“Yes, 1984 was the one,” remembers Spencer. “It was the last year of the original circuit and I knew it was going to be Kenny’s last 200. This was it and I wanted to win it. There was no tomorrow. It was now or never. I’d beaten him to the world championship in ’83, but I wanted to beat him at Daytona too and everybody was looking for that battle.

“That being said, Daytona was tough. I was fast there and I led it every year from 1980 to 1983, but Daytona was such a unique race. Kenny and I were sprint racers who had to adapt to a 200-mile race. That challenge was why I liked the Daytona and what made it so special. The ’82 race was the greatest race I never won. I finished second to Graeme Crosby but it was a great race because it made me utilise all my skills in throttle control, lean angle, trajectory, tyre management, and fuel conservation. Mastering all these elements was what made Daytona special.”

What made Daytona special in 1984 was the fact that Roberts, Spencer, Lawson and a host of other riders lined up on the grid knowing this should be a record-setting race. There was no way of knowing who would come out on top.

From the start of the race, fans saw Lawson and Roberts shoot into the early lead. The factory Yamaha duo were aggressive out of the blocks, whereas Spencer was slow starting on his Honda. The plan was to build into the stint and get the tyres up to temperature. As ever, Fast Freddie wasn’t flustered and made progress to close back onto the Yamahas in front.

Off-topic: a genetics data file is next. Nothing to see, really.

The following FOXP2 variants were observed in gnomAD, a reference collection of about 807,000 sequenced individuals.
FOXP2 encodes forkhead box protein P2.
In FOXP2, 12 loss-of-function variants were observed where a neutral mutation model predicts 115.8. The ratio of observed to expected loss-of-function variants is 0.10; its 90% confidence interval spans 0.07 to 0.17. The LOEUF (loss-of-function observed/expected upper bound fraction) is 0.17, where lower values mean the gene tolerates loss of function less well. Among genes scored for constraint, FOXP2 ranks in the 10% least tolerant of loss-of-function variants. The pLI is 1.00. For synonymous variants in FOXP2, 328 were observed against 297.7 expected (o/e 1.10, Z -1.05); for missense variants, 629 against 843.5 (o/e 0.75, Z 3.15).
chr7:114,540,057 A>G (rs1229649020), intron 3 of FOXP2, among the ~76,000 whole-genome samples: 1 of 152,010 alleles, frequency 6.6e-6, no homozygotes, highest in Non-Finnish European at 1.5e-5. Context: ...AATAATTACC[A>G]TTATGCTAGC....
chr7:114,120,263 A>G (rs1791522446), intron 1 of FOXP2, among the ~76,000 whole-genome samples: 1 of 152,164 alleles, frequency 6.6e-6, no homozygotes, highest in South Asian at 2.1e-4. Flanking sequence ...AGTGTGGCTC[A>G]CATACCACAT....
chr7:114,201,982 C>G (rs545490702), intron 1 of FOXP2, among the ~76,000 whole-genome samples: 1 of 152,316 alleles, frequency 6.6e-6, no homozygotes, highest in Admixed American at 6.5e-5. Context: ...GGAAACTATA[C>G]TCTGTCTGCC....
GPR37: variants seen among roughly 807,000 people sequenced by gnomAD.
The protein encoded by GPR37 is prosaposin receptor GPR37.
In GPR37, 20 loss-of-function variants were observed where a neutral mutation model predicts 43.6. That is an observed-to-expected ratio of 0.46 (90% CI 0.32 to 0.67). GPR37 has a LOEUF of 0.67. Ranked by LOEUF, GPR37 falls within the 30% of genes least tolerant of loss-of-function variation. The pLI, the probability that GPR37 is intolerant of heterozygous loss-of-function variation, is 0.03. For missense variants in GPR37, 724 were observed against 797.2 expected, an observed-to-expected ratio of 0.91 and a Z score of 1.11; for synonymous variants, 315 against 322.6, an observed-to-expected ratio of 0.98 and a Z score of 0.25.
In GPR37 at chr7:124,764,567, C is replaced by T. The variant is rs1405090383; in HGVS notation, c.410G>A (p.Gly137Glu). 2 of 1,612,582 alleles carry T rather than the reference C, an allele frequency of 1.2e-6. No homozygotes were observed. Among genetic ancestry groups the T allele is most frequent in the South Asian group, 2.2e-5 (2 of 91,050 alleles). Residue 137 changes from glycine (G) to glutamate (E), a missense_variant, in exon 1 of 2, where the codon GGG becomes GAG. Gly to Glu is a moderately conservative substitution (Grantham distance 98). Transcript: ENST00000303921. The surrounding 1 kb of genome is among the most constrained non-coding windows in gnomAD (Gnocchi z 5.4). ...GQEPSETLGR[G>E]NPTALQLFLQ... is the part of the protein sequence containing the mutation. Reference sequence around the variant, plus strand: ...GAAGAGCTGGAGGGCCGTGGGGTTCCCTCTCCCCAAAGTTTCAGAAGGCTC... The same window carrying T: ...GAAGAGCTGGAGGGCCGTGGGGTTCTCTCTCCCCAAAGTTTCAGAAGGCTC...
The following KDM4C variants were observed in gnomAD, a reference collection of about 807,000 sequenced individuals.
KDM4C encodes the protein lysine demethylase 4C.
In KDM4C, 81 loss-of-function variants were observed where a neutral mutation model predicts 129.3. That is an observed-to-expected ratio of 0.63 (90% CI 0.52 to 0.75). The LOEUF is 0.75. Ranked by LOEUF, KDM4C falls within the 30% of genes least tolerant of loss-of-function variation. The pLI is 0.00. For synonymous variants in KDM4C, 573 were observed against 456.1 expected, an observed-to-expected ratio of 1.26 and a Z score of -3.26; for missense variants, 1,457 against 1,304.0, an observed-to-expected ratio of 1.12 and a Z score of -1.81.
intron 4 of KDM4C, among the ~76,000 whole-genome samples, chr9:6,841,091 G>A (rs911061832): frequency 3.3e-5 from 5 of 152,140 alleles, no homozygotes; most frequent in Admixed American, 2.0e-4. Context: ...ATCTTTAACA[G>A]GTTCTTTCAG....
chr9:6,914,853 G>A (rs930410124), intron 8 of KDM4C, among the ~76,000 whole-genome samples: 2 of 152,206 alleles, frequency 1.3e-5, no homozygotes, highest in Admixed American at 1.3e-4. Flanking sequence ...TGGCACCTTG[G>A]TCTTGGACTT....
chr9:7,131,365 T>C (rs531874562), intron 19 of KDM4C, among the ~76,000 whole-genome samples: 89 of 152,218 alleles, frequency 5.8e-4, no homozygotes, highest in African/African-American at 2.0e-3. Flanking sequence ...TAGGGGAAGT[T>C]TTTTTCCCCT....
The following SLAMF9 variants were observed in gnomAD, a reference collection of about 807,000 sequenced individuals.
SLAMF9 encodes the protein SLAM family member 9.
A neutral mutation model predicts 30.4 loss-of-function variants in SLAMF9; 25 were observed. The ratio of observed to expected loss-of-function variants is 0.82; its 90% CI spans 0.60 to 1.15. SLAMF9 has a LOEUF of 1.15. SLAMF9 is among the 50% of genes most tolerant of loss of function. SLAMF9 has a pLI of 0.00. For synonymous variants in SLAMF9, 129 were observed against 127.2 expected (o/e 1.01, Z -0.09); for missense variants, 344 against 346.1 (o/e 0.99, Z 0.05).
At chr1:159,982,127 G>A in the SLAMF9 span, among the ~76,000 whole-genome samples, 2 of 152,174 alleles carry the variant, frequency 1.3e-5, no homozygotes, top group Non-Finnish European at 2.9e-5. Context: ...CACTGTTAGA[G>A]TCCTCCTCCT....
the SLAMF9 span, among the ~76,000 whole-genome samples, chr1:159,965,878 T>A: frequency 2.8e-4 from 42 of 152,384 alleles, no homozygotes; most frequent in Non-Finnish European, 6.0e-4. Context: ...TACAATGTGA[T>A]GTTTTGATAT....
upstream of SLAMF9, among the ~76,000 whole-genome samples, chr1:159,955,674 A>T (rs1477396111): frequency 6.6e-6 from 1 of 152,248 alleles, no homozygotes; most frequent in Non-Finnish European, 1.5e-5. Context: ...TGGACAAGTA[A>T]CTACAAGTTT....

At the first pitstop, all eyes were on Spencer and Honda. How much time would it cost them to change tyres? They lost time to Roberts in pitlane but the outlap was all about Spencer and, suddenly coming through traffic they were nose to tail. With Spencer set to take the lead, the day was effectively over for Lawson. Tyre woes meant he needed to change his rear tyre and suddenly the battle the crowd came to see was underway; Roberts versus Spencer. The King versus The Contender.

Ultimately the fragility of the Honda would be the difference between the pair, with Spencer’s NSR500 developing an issue just four laps before his second pitstop. This was when he expected to start pushing before his stop to hold onto the lead. After the stops, it was damage limitation for Spencer and he followed Roberts home in second, but was over a minute adrift at the flag.

“I started hearing the change in the engine pitch,” he recalled. “I led into the second fuel stop and I came out in front after Kenny had a problem with his stop. I felt good but about three laps into that last leg, the pitch of the engine changed completely. Kenny caught me. He took the lead and I finished second.”

When the race finished it was clear that Roberts wasn’t keen to race again. He had returned at the behest of Yamaha and while he had collected his third Daytona 200 victory, it was the final major race victory of his storied career. Over the course of race week it was clear that he was limiting his running with safety more and more of a concern. Laptimes getting faster and faster and top speeds had jumped from 175mph to 200mph. At 33 years of age Roberts had nothing else to prove. He would only race again on a handful of occasions but never again on the banking of Daytona.

For Spencer, the following season would finally see him scratch his Daytona 200 itch by winning. He would go on to make history by winning the 250cc and 500cc GP title double but after 1985 he would never stand on a grand prix podium again. At 23 years of age his career was now on the wane with injuries taking their toll. The man that defined ‘phenom’ was now succeeded by Lawson as America’s star.  

1984 DAYTONA 200

Words Steve English Photography Larry Lawrence